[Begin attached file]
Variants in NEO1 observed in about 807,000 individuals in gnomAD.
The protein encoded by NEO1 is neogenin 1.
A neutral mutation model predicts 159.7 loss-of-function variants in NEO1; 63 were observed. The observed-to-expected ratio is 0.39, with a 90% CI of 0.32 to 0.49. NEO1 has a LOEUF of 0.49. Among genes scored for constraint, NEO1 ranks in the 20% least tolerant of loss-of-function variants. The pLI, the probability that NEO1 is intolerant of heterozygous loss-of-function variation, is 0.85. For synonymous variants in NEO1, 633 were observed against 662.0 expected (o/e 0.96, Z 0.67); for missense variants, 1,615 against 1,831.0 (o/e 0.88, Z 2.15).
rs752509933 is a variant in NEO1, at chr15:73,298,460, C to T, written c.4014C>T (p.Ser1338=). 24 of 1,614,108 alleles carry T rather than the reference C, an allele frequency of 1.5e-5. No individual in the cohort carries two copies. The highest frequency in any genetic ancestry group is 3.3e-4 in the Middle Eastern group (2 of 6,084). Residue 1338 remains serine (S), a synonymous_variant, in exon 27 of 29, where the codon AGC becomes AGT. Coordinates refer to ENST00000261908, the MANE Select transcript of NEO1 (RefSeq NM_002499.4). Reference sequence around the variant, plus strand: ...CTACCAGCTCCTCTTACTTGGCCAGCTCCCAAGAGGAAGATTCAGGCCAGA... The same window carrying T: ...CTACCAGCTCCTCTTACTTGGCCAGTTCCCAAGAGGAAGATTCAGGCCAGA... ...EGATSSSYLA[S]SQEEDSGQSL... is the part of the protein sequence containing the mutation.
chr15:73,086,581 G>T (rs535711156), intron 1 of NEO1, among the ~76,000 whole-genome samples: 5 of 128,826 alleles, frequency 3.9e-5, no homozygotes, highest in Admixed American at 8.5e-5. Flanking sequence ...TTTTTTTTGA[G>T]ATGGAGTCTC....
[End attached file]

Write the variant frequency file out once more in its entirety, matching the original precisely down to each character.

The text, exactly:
Variants in NEO1 observed in about 807,000 individuals in gnomAD.
The protein encoded by NEO1 is neogenin 1.
A neutral mutation model predicts 159.7 loss-of-function variants in NEO1; 63 were observed. The observed-to-expected ratio is 0.39, with a 90% CI of 0.32 to 0.49. NEO1 has a LOEUF of 0.49. Among genes scored for constraint, NEO1 ranks in the 20% least tolerant of loss-of-function variants. The pLI, the probability that NEO1 is intolerant of heterozygous loss-of-function variation, is 0.85. For synonymous variants in NEO1, 633 were observed against 662.0 expected (o/e 0.96, Z 0.67); for missense variants, 1,615 against 1,831.0 (o/e 0.88, Z 2.15).
rs752509933 is a variant in NEO1, at chr15:73,298,460, C to T, written c.4014C>T (p.Ser1338=). 24 of 1,614,108 alleles carry T rather than the reference C, an allele frequency of 1.5e-5. No individual in the cohort carries two copies. The highest frequency in any genetic ancestry group is 3.3e-4 in the Middle Eastern group (2 of 6,084). Residue 1338 remains serine (S), a synonymous_variant, in exon 27 of 29, where the codon AGC becomes AGT. Coordinates refer to ENST00000261908, the MANE Select transcript of NEO1 (RefSeq NM_002499.4). Reference sequence around the variant, plus strand: ...CTACCAGCTCCTCTTACTTGGCCAGCTCCCAAGAGGAAGATTCAGGCCAGA... The same window carrying T: ...CTACCAGCTCCTCTTACTTGGCCAGTTCCCAAGAGGAAGATTCAGGCCAGA... ...EGATSSSYLA[S]SQEEDSGQSL... is the part of the protein sequence containing the mutation.
chr15:73,086,581 G>T (rs535711156), intron 1 of NEO1, among the ~76,000 whole-genome samples: 5 of 128,826 alleles, frequency 3.9e-5, no homozygotes, highest in Admixed American at 8.5e-5. Flanking sequence ...TTTTTTTTGA[G>T]ATGGAGTCTC....